The Collaborative International Dictionary
Xyst \Xyst\, Xystus \Xys"tus\, n. [L. xystus, Gr. ?, from ? to scrape, polish; -- so called from its smooth and polished floor.] (Anc. Arch.) A long and open portico, for athletic exercises, as wrestling, running, etc., for use in winter or in stormy weather.
n. (context in Ancient Greece English) A long and open portico within the gymnasium.
Xystus has several meanings:
- Xystus, a Greek architectural term denoting the covered portico of a gymnasium
- Xystus, another spelling for the Roman name Sixtus
- Pope St. Xystus I
- Pope St. Xystus II
- Pope St. Xystus III
- Xystus, a Greek student of Pythagoreanism with whom the authors of the Liber Pontificalis perhaps conflated with Xystus I
- Xystus (weevil), a beetle genus in the tribe Madopterini
Xystus was the Greek architectural term for the covered portico of the gymnasium, in which the exercises took place during the winter or in rainy weather, etc. The Romans applied the term to the garden walk in front of the porticoes, which was divided into flower beds with borders of box, and to a promenade between rows of large trees.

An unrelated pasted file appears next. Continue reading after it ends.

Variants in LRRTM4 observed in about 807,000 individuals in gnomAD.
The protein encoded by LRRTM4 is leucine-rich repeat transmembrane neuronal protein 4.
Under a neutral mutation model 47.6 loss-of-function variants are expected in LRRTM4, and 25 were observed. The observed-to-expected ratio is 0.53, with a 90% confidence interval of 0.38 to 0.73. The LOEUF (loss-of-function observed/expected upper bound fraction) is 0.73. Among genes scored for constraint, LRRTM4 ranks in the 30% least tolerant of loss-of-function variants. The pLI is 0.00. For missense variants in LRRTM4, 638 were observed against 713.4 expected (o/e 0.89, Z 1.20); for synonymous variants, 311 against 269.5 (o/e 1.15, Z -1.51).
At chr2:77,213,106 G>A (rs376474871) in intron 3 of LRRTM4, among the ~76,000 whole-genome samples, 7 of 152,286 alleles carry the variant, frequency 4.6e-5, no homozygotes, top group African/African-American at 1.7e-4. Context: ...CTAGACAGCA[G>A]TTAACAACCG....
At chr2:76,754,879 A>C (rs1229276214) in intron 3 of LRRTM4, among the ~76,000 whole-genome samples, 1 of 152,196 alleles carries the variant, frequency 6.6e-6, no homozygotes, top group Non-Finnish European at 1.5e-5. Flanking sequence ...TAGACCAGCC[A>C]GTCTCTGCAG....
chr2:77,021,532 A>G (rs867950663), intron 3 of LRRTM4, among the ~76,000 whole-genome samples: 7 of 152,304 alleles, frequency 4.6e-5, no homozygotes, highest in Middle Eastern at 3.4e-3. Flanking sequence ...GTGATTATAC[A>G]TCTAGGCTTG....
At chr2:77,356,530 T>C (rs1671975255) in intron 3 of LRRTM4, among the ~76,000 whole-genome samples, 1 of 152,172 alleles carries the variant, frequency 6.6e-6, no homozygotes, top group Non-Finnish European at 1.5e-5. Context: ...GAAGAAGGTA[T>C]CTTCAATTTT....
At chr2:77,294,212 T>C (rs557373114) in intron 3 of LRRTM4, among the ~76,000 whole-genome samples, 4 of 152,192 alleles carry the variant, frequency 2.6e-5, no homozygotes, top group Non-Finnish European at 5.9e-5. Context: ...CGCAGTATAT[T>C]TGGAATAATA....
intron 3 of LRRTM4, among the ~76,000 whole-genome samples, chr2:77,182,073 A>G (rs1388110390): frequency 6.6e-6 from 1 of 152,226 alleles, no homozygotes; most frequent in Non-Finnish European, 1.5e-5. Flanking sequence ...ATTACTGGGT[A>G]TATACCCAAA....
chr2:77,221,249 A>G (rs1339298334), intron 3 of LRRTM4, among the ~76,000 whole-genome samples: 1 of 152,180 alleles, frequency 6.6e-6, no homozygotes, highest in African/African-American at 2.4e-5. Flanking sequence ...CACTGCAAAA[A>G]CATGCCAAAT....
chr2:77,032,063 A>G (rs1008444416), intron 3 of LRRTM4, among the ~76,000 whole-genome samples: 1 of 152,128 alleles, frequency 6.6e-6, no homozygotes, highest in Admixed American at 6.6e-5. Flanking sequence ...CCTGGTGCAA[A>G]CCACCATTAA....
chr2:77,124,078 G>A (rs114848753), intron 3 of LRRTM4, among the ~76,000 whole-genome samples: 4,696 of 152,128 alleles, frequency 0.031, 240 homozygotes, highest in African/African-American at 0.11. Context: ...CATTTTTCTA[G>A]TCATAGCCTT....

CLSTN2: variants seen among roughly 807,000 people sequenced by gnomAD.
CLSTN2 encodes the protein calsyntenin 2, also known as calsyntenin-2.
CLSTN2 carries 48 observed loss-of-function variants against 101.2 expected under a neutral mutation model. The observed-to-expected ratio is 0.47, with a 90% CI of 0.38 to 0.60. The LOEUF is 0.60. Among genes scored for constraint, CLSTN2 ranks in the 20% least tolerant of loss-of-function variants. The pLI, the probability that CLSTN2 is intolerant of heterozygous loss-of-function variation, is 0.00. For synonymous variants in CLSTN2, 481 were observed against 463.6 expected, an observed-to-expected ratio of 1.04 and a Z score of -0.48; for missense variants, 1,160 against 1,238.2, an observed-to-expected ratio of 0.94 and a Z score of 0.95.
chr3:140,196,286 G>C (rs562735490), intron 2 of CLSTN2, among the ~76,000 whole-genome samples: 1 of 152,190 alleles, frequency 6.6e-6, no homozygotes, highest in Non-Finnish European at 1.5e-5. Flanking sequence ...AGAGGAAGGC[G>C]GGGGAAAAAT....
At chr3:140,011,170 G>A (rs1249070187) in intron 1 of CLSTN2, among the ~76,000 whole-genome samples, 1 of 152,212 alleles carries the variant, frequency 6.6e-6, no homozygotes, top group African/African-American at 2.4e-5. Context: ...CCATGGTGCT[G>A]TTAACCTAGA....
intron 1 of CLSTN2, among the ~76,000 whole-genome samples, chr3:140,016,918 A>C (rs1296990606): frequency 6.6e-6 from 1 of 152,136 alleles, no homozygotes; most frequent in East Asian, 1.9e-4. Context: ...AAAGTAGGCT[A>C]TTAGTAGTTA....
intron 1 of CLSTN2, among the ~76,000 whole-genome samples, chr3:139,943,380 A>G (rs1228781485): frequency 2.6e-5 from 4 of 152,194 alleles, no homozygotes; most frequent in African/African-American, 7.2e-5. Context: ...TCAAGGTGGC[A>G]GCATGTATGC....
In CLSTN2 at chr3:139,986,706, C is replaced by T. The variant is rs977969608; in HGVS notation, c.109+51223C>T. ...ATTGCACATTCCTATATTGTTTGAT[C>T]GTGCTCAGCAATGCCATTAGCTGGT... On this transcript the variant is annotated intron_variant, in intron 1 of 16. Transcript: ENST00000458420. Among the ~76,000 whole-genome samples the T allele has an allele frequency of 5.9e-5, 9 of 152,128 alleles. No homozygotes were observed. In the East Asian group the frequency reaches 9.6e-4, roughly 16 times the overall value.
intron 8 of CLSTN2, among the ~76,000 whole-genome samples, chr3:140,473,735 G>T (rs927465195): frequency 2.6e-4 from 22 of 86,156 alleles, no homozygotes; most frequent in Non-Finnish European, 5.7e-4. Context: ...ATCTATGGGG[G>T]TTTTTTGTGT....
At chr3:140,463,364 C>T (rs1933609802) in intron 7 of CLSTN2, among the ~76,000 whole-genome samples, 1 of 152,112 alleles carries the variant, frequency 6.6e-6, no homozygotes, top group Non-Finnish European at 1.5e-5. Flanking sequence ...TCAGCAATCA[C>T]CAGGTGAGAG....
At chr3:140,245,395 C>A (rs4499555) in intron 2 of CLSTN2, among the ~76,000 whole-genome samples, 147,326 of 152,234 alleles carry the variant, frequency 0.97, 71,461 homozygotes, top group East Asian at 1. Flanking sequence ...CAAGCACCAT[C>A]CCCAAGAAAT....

"Xystus" derives from the Greek word xustos, meaning "smooth", due to the polished floor of the xystus. "Xystus" was used, by extension, to refer to the whole building containing the gymnasium and portico, as in the xysti of Jerusalem and Elis. Xyst is an alternative spelling for xystus, and xystarch as the term for a superintendent of a xystus. In Latin, xystum is the accusative case of the nominative xystus; in modern architecture, xystum has a different meaning from xystus.
Usage examples of "xystus".
But go up to Jerusalem next Passover, and stand on the Xystus or in the Street of Barter, and see him as he is.
On the houses far as the Xystus, fast as the word could fly, they waved their shawls and handkerchiefs and shouted.